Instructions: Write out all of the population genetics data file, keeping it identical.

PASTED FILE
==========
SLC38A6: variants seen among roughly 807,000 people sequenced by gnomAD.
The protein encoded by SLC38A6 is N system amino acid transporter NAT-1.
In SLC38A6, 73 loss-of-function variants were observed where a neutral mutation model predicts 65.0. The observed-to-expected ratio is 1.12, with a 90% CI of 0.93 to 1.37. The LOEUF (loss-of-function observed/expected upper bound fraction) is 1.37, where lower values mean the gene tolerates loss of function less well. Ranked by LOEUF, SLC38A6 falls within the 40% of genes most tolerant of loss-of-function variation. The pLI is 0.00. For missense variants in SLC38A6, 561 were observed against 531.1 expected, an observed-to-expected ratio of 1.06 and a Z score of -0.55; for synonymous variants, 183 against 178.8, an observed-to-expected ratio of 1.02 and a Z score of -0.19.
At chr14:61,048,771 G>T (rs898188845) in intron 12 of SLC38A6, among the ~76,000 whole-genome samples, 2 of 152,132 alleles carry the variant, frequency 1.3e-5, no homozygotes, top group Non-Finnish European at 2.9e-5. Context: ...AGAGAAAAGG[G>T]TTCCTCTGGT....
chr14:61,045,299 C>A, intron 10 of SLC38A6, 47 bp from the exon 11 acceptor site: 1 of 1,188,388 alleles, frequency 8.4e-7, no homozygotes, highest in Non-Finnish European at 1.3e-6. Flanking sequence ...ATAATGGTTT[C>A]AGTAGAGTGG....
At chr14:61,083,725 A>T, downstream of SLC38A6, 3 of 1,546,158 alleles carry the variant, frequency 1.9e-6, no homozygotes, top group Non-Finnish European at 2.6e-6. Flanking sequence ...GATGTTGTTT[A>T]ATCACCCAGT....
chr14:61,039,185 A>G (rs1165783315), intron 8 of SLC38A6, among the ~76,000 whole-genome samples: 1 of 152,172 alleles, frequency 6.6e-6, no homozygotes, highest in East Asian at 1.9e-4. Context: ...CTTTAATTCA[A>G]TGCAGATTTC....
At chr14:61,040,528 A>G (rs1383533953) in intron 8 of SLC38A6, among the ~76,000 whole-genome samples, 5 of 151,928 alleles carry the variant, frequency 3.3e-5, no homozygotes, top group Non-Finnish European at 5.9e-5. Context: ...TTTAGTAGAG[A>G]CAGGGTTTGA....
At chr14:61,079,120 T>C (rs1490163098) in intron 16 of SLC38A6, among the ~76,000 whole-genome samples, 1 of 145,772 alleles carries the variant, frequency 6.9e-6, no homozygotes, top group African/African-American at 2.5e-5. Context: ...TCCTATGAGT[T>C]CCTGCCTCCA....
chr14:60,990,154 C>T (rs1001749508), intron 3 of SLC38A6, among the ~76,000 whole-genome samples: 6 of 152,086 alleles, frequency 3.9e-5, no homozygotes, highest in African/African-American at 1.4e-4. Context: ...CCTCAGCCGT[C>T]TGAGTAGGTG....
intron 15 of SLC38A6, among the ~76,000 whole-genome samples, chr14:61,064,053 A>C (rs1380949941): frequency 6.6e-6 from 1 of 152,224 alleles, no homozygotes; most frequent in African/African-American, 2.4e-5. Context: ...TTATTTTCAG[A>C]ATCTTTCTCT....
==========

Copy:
SLC38A6: variants seen among roughly 807,000 people sequenced by gnomAD.
The protein encoded by SLC38A6 is N system amino acid transporter NAT-1.
In SLC38A6, 73 loss-of-function variants were observed where a neutral mutation model predicts 65.0. The observed-to-expected ratio is 1.12, with a 90% CI of 0.93 to 1.37. The LOEUF (loss-of-function observed/expected upper bound fraction) is 1.37, where lower values mean the gene tolerates loss of function less well. Ranked by LOEUF, SLC38A6 falls within the 40% of genes most tolerant of loss-of-function variation. The pLI is 0.00. For missense variants in SLC38A6, 561 were observed against 531.1 expected, an observed-to-expected ratio of 1.06 and a Z score of -0.55; for synonymous variants, 183 against 178.8, an observed-to-expected ratio of 1.02 and a Z score of -0.19.
At chr14:61,048,771 G>T (rs898188845) in intron 12 of SLC38A6, among the ~76,000 whole-genome samples, 2 of 152,132 alleles carry the variant, frequency 1.3e-5, no homozygotes, top group Non-Finnish European at 2.9e-5. Context: ...AGAGAAAAGG[G>T]TTCCTCTGGT....
chr14:61,045,299 C>A, intron 10 of SLC38A6, 47 bp from the exon 11 acceptor site: 1 of 1,188,388 alleles, frequency 8.4e-7, no homozygotes, highest in Non-Finnish European at 1.3e-6. Flanking sequence ...ATAATGGTTT[C>A]AGTAGAGTGG....
At chr14:61,083,725 A>T, downstream of SLC38A6, 3 of 1,546,158 alleles carry the variant, frequency 1.9e-6, no homozygotes, top group Non-Finnish European at 2.6e-6. Flanking sequence ...GATGTTGTTT[A>T]ATCACCCAGT....
chr14:61,039,185 A>G (rs1165783315), intron 8 of SLC38A6, among the ~76,000 whole-genome samples: 1 of 152,172 alleles, frequency 6.6e-6, no homozygotes, highest in East Asian at 1.9e-4. Context: ...CTTTAATTCA[A>G]TGCAGATTTC....
At chr14:61,040,528 A>G (rs1383533953) in intron 8 of SLC38A6, among the ~76,000 whole-genome samples, 5 of 151,928 alleles carry the variant, frequency 3.3e-5, no homozygotes, top group Non-Finnish European at 5.9e-5. Context: ...TTTAGTAGAG[A>G]CAGGGTTTGA....
At chr14:61,079,120 T>C (rs1490163098) in intron 16 of SLC38A6, among the ~76,000 whole-genome samples, 1 of 145,772 alleles carries the variant, frequency 6.9e-6, no homozygotes, top group African/African-American at 2.5e-5. Context: ...TCCTATGAGT[T>C]CCTGCCTCCA....
chr14:60,990,154 C>T (rs1001749508), intron 3 of SLC38A6, among the ~76,000 whole-genome samples: 6 of 152,086 alleles, frequency 3.9e-5, no homozygotes, highest in African/African-American at 1.4e-4. Context: ...CCTCAGCCGT[C>T]TGAGTAGGTG....
intron 15 of SLC38A6, among the ~76,000 whole-genome samples, chr14:61,064,053 A>C (rs1380949941): frequency 6.6e-6 from 1 of 152,224 alleles, no homozygotes; most frequent in African/African-American, 2.4e-5. Context: ...TTATTTTCAG[A>C]ATCTTTCTCT....